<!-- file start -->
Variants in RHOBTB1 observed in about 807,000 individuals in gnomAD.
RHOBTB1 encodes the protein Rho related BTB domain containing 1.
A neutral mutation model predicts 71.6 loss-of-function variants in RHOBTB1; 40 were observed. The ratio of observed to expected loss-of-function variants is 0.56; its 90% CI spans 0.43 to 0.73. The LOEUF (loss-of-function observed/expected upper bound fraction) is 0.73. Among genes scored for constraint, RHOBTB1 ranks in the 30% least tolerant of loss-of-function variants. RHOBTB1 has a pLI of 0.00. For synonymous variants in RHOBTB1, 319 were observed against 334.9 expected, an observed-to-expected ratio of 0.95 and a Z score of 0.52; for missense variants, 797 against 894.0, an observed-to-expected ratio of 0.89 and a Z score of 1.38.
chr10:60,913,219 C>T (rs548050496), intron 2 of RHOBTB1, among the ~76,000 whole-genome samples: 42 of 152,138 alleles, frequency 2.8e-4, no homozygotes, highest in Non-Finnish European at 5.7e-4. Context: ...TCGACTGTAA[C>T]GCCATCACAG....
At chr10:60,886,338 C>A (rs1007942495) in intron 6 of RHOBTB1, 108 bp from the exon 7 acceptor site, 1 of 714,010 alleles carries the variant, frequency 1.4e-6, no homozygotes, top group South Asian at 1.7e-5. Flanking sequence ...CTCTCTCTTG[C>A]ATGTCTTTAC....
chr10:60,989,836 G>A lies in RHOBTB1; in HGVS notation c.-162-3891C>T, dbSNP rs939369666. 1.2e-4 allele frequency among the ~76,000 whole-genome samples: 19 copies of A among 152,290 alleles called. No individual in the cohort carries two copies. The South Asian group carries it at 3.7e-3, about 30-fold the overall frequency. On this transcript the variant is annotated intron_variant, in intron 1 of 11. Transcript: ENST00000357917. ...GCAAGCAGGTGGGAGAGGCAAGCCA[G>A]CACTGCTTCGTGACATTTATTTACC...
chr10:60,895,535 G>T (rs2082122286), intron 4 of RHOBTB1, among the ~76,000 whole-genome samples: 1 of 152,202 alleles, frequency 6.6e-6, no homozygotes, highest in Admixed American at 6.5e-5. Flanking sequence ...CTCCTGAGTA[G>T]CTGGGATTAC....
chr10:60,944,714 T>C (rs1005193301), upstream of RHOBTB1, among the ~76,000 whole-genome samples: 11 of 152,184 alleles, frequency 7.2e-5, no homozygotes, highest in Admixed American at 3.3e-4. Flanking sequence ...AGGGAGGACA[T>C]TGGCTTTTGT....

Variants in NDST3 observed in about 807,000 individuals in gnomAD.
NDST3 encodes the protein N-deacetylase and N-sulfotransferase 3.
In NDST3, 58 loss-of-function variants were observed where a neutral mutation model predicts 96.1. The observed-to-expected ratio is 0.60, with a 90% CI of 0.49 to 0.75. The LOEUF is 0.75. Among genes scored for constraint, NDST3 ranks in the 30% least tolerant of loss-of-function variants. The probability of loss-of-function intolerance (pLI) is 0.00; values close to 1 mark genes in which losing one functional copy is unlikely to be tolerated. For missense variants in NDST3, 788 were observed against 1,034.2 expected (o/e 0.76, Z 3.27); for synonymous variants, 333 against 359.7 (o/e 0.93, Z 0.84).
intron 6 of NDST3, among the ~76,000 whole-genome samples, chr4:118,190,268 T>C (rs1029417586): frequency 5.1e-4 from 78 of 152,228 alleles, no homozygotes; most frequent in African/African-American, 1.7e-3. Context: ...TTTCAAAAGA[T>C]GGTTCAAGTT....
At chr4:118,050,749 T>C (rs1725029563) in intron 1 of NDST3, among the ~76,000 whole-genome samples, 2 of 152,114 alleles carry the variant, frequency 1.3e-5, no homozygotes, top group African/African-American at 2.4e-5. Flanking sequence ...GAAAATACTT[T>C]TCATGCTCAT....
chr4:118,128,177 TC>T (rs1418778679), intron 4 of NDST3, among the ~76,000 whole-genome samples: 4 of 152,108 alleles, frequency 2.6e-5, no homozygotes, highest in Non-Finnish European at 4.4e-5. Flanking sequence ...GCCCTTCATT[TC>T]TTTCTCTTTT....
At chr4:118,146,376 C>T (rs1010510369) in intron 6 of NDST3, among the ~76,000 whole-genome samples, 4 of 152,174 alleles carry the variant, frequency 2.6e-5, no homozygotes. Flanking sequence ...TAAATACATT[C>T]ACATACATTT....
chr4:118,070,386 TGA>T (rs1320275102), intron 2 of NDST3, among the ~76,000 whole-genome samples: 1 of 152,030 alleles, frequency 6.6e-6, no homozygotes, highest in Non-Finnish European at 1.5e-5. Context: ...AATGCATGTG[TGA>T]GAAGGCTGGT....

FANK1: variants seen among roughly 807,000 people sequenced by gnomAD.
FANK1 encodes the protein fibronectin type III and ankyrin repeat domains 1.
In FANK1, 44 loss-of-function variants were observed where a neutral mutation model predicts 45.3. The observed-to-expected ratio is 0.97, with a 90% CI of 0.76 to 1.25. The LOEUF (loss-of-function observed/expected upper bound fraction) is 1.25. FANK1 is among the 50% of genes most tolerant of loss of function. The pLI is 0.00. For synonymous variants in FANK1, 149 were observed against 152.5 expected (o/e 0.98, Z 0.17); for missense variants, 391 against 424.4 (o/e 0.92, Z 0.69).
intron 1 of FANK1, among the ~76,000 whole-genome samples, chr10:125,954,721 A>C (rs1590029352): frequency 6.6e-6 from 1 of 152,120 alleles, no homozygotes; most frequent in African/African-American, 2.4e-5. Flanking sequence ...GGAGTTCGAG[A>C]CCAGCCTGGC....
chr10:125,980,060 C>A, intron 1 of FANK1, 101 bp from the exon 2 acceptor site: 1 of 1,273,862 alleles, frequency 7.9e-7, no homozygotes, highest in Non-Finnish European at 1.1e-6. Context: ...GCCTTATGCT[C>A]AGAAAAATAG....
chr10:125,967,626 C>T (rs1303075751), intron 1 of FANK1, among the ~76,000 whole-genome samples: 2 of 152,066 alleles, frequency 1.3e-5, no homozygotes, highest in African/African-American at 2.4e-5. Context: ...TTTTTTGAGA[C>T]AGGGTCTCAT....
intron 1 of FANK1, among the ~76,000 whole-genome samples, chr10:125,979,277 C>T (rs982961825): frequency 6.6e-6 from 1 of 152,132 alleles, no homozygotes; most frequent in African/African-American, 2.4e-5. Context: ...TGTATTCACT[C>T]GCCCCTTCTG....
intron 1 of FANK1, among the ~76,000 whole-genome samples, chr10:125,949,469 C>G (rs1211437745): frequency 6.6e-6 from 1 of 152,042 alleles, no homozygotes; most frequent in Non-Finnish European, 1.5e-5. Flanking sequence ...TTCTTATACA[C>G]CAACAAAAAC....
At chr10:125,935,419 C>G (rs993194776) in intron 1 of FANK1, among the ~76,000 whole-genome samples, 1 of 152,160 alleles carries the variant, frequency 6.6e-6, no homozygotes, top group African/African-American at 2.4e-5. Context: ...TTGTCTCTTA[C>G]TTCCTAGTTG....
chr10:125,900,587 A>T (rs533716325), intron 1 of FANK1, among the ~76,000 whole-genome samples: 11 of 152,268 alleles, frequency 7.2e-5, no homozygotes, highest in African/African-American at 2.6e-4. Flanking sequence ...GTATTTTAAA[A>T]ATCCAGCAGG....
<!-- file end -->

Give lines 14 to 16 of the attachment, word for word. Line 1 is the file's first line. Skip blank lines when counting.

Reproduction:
chr4:118,128,177 TC>T (rs1418778679), intron 4 of NDST3, among the ~76,000 whole-genome samples: 4 of 152,108 alleles, frequency 2.6e-5, no homozygotes, highest in Non-Finnish European at 4.4e-5. Flanking sequence ...GCCCTTCATT[TC>T]TTTCTCTTTT....
At chr4:118,146,376 C>T (rs1010510369) in intron 6 of NDST3, among the ~76,000 whole-genome samples, 4 of 152,174 alleles carry the variant, frequency 2.6e-5, no homozygotes. Flanking sequence ...TAAATACATT[C>T]ACATACATTT....
chr4:118,070,386 TGA>T (rs1320275102), intron 2 of NDST3, among the ~76,000 whole-genome samples: 1 of 152,030 alleles, frequency 6.6e-6, no homozygotes, highest in Non-Finnish European at 1.5e-5. Context: ...AATGCATGTG[TGA>T]GAAGGCTGGT....